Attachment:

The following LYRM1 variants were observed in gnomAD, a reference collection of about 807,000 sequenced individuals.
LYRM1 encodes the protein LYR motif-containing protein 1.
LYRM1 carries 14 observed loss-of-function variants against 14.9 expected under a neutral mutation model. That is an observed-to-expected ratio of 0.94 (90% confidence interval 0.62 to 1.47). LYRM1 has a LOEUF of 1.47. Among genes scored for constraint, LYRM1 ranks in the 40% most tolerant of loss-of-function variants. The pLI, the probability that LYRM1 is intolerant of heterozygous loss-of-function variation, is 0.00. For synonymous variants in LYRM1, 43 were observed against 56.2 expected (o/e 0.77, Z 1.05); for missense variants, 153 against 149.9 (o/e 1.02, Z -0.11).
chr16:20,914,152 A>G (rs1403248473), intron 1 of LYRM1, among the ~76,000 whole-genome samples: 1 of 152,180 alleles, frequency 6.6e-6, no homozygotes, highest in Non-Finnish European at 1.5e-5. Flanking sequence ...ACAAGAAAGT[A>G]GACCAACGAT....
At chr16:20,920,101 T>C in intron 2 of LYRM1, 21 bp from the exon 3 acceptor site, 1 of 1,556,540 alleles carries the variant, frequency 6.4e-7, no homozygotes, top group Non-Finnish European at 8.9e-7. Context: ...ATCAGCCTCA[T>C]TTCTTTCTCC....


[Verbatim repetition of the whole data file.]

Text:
The following LYRM1 variants were observed in gnomAD, a reference collection of about 807,000 sequenced individuals.
LYRM1 encodes the protein LYR motif-containing protein 1.
LYRM1 carries 14 observed loss-of-function variants against 14.9 expected under a neutral mutation model. That is an observed-to-expected ratio of 0.94 (90% confidence interval 0.62 to 1.47). LYRM1 has a LOEUF of 1.47. Among genes scored for constraint, LYRM1 ranks in the 40% most tolerant of loss-of-function variants. The pLI, the probability that LYRM1 is intolerant of heterozygous loss-of-function variation, is 0.00. For synonymous variants in LYRM1, 43 were observed against 56.2 expected (o/e 0.77, Z 1.05); for missense variants, 153 against 149.9 (o/e 1.02, Z -0.11).
chr16:20,914,152 A>G (rs1403248473), intron 1 of LYRM1, among the ~76,000 whole-genome samples: 1 of 152,180 alleles, frequency 6.6e-6, no homozygotes, highest in Non-Finnish European at 1.5e-5. Flanking sequence ...ACAAGAAAGT[A>G]GACCAACGAT....
At chr16:20,920,101 T>C in intron 2 of LYRM1, 21 bp from the exon 3 acceptor site, 1 of 1,556,540 alleles carries the variant, frequency 6.4e-7, no homozygotes, top group Non-Finnish European at 8.9e-7. Context: ...ATCAGCCTCA[T>C]TTCTTTCTCC....